A Stunning Home from Scratch in Australia
WRITTEN BY RONDA SWANEY / PHOTOGRAPHY BY ANSON SMART
“My design is always driven by the site context,” explains Dan Clift, founder of Square Design, a Sydney, Australia-based boutique design studio that specializes in bespoke residential projects. When Clift began work on this home, the plan was to remodel the existing house on the property. As the design brief evolved, Clift realized the significant alterations needed would limit the design options and fall short of what the clients wanted. Ultimately, Clift and his clients opted for a completely new, dream design that would maximize the site’s potential.
The upper level of this home appears enveloped by the surrounding landscape, securing that connection between outdoors and in.
Blue and gray artwork, accessories, and furnishings enhance the cool feeling generated by the concrete and white surfaces.
Darker colors fade to the background allowing richer, earthier tones to stand out.
The homeowners wanted a second home in Killcare, a community north of Sydney in the Central Coast area of New South Wales. They needed a place to entertain family and guests and a contemporary home that made the most of the natural light, water views, and expansive vistas of nearby Bouddi National Park. “The style of this home is certainly not the typical coastal beach house and yet by layering the spaces with different textures and reclaimed materials, we achieved a very comfortable relaxed home that draws on the tones of the natural surrounding landscape,” says Clift.
Clift explains his approach to every new build. “Orientation for natural light, available views, the natural contour of the site, and consideration of privacy from surrounding properties all play a major role in developing the building form,” he says. “Retaining existing trees and vegetation is also an important consideration in the early design stages.”
The site’s slope created challenges and had to be addressed with care. “The main challenge was to achieve the correct proportion of the spaces and a fluid connection between the interior and outdoor spaces,” notes Clift. He planned to retain existing trees, particularly the gray gums at the front of the property, as those sentinels helped frame the home’s entry. Many of the materials chosen for the exterior were inspired by the tones and textures of the local landscape. “The external views and vistas of the trees and surrounding rock formations are framed and very much contribute to the experience of each space,” says Clift.
The building orientation takes advantage of natural light, allowing it inside the interiors for much of the day and shade that controls both the interior temperature and glare. Judicious use of light is a common theme throughout. “I like to use lighting to create warmth. It should light the multiple materials used within the space to create a more interesting, rich interior. I like to combine light sources to control and create varied light environments,” explains Clift.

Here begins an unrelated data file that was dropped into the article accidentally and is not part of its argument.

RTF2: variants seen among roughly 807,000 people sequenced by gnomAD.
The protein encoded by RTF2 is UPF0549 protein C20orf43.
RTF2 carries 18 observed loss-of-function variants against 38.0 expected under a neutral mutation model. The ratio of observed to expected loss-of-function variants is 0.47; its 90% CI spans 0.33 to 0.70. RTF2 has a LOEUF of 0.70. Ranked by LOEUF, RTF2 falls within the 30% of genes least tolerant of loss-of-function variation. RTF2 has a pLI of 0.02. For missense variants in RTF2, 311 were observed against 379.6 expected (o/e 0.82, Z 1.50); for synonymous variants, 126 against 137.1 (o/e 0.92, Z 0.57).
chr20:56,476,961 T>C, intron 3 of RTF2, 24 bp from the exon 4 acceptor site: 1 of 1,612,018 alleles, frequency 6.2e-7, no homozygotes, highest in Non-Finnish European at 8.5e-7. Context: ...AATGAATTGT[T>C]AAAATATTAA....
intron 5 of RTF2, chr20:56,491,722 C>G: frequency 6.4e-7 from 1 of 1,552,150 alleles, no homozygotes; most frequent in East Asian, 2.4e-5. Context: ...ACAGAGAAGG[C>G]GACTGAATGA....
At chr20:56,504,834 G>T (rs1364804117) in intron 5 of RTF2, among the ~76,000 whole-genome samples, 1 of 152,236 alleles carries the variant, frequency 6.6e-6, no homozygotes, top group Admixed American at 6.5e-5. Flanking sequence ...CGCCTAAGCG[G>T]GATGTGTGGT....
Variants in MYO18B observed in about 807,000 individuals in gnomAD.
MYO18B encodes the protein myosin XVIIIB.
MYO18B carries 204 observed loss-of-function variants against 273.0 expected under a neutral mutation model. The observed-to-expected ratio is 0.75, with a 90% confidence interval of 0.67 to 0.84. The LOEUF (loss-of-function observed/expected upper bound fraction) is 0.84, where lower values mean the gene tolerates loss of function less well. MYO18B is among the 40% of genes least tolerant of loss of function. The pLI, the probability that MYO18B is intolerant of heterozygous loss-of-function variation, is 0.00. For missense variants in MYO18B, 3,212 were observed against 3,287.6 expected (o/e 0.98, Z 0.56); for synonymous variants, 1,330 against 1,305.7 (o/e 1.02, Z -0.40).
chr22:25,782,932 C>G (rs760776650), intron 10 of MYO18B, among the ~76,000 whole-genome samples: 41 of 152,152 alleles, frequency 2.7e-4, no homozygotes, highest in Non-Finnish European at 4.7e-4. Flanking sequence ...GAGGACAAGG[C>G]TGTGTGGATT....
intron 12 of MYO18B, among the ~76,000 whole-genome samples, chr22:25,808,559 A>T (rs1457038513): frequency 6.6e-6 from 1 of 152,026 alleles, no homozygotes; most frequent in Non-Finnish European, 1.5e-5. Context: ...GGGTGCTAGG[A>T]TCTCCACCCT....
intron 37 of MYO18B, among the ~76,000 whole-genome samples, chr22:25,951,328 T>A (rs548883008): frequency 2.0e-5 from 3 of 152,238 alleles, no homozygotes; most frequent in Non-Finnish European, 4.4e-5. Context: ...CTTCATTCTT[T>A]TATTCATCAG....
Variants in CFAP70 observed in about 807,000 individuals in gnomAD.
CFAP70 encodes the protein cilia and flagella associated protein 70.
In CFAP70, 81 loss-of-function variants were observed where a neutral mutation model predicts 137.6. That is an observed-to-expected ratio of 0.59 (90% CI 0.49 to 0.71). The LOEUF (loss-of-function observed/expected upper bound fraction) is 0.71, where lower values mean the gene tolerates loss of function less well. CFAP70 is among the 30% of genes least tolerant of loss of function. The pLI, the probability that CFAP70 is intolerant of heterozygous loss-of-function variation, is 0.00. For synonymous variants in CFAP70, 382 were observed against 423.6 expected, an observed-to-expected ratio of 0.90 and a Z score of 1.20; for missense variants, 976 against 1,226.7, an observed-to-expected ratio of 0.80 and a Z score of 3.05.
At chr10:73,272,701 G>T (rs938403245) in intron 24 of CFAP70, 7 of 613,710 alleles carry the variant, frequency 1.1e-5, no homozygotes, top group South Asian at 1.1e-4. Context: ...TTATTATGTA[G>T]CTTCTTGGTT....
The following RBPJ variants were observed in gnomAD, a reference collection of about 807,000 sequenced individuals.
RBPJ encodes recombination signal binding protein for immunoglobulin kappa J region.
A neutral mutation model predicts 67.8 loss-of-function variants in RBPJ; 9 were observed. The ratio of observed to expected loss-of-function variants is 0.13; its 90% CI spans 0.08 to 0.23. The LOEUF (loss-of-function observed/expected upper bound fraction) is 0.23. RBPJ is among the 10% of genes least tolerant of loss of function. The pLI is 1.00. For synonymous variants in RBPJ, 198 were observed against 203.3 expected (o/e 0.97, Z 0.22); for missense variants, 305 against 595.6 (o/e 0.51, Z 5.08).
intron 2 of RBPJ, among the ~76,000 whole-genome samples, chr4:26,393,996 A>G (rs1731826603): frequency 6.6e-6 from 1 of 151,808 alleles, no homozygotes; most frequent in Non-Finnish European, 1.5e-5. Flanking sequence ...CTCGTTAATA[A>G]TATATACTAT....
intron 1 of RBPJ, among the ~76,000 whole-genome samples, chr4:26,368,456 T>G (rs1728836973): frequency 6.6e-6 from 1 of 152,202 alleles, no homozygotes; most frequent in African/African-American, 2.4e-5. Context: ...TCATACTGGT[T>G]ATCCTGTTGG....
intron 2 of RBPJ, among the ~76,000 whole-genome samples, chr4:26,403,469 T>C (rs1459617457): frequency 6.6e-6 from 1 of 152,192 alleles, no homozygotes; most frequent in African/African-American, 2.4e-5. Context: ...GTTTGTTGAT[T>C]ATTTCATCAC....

The coastal home embraces natural light and, with that, the lush surrounding views, which pour in through wall-height windows with minimal framing, leaving the space feeling expansive yet cozy. The interior color palette draws from outdoor hues—creams, grays, and blues. The gray exterior almost recedes into the background, allowing the natural green landscape to take center stage.
Materials serve both utilitarian and aesthetic purposes. Concrete, for example, can withstand the harsh and abrasive conditions of coastal living. “The tonal variation and surface finish in the concrete creates instant character offset by adjacent white surfaces. It is also used for thermal mass to keep the building cooler in summer and warmer in winter,” says Clift. Timbers also provided a practical choice. “Recycled and reclaimed timbers were used throughout the building to add warmth and texture,” he notes, referring in part to the infinity pool that’s surrounded by a natural timbered deck. Clift wanted the pool to play an integral role in the design, connecting to the main living space on the upper level of the home. It is suspended and cantilevered from the upper level and can be viewed from the kitchen, dining, and living areas. It lives in the foreground but looks out to the ocean view.
“The external views and vistas of the trees and surrounding rock formations are framed and very much contribute to the experience of each space,” says Clift. “Every space within this home connects to the outdoors.”
“Materials used externally are carried through the interior. You feel very much embedded in the landscaped surroundings,” says Dan Clift, principal designer and interior architect of Square Design. Here are some of his tips to connect indoor and outdoor spaces.
Use recessed sill details at door thresholds. In this home, door sills are flush to the floor, creating no barrier (visual or otherwise) between the interior living space and the great outdoors.
Install full-height windows and glass doors. With views as beautiful as those found here, it’s wise to invite them in. Windows extend floor to ceiling, allowing full views of the surroundings, even from indoors.
Continue material use from one space to the next. Concrete, wood, metal, and stone show up in the interiors and exteriors of this residence. Repetition creates design cohesion and harmony between the home and its surroundings.
The glass surround on the exterior provides safety without blocking the expansive views.
Earthy natural tones found in wood furniture and textiles make a visual connection between the interior and the natural exterior.
Floor-to-ceiling windows invite those views inside, making them part of the overall decor.